That’s not possible on the road, Goldberg says.
“We have to deal with the physicality of each theater we’re in,” he says. “We make every effort to have the orchestra as visible as possible, but it’s usually very limited.”
Nevertheless, having 25 players is way above the average.
“The production definitely values the large orchestra,” Goldberg says, “and wants to draw attention to it as much as possible.”
Most of the musicians playing at the Aronoff are local. South Pacific tours with only a violinist (who serves as concertmaster), a harpist (who doubles as a rehearsal pianist) and a bassoonist, who is Goldberg’s assistant conductor. The remaining 22 musicians are local professionals: five more violins, two violas, two cellos, a string bass, four more woodwinds, three trumpets, three trombones, two French horns and a drummer-percussionist.
“There are no synthesizers,” Goldberg says, “not even a piano or a guitar.”
[Read my review of South Pacific here.]
Musical numbers in the show that would typically use a keyboard or a guitar were creatively conceived by Robert Russell Bennett, who orchestrated the original South Pacific.
“For ‘Nothin’ Like a Dame,’ the string section actually strums their instruments to create a kind of banjo effect,” Goldberg says.
Of course, Rodgers’ score for South Pacific is lush, often an orchestral reflection of the tropical island setting. Contemporary constraints — mainly financial — have diminished orchestras for most Broadway shows and tours based on them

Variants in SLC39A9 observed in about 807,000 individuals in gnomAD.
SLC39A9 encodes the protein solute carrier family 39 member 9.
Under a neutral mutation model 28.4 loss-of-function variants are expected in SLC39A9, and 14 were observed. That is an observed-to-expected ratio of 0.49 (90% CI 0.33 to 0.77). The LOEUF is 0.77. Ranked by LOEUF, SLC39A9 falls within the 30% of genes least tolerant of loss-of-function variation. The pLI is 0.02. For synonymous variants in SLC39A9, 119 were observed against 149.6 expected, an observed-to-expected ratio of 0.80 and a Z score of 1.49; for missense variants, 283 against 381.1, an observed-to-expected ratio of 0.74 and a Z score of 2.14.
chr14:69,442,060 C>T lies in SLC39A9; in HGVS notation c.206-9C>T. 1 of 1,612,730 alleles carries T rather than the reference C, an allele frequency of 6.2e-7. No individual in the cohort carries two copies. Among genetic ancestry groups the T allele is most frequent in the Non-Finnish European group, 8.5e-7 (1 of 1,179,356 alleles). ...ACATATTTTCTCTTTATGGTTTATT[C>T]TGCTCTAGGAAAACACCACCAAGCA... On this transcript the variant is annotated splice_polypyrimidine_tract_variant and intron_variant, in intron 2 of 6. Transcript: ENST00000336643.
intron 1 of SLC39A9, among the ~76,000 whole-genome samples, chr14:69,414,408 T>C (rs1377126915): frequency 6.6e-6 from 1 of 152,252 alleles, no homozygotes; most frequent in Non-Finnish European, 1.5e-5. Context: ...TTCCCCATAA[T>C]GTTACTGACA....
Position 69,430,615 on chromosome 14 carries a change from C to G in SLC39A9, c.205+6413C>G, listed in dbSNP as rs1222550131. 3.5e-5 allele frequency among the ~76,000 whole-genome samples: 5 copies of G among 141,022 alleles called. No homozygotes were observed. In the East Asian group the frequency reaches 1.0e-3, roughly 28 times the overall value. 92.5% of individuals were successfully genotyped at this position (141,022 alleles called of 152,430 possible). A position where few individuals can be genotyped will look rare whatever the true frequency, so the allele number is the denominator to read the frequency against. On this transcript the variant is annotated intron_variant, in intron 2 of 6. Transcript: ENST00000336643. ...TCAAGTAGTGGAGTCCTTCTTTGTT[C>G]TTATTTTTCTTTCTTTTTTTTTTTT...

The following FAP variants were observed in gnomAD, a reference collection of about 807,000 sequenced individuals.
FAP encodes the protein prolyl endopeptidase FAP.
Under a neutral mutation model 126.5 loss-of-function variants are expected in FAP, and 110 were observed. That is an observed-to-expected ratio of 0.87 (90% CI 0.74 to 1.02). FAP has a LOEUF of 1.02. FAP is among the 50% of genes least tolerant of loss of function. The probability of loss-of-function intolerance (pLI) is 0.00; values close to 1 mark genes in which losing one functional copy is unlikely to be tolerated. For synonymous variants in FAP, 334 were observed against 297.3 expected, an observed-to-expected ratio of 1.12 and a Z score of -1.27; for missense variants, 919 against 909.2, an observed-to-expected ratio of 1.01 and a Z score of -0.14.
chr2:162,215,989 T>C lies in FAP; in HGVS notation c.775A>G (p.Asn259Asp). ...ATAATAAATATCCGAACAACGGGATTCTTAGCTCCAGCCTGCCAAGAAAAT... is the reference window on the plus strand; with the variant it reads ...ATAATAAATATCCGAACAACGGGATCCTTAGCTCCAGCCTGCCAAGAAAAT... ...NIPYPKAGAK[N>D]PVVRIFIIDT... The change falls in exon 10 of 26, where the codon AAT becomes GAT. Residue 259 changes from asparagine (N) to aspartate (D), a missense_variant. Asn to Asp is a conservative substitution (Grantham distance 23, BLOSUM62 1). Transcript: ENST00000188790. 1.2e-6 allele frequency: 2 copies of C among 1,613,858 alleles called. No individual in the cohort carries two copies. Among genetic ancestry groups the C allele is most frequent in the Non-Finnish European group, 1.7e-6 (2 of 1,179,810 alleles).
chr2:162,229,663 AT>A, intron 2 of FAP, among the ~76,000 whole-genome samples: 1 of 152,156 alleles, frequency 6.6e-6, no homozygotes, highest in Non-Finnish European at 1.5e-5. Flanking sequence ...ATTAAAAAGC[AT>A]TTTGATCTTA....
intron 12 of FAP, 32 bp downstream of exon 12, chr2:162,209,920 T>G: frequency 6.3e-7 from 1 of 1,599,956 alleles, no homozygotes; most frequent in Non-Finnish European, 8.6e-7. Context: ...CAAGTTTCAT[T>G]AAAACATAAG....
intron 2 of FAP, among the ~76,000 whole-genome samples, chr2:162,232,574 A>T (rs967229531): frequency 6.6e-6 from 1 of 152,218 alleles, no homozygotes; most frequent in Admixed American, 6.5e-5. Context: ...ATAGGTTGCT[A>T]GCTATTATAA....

“There is nothing like it,” Goldberg says. “It’s rare to have that full sound and be able to do the kind of nuances you just can’t get out of a smaller band. Just having a string section of this size — every player brings something to the mix. And yet they come together in a cohesive unit and respond to every little gesture I make. A keyboard would sound totally homogeneous, but this string section sounds alive.”
Audiences can hear the difference, according to Goldberg.
“They know that it’s something special,” he says. “We get a lot of people coming down to the pit rail to look over at intermission or during the exit music at the end of the show.
“The entr’acte is actually a little bit more informal than most,” he adds, describing music played as the second act begins with the jocular Seabees clowning around and urging the audience to clap along. “We start it a bit before the whole audience is seated, with the houselights on, so people can come down and listen. I get a lot of comments from people in the audience about how beautiful it sounds.”
Let’s appreciate this kind of accompaniment when it shows up, because it won’t happen often. South Pacific’s tuneful score played by such an ensemble truly offers “some enchanted evening.”
CONTACT RICK PENDER: firstname.lastname@example.org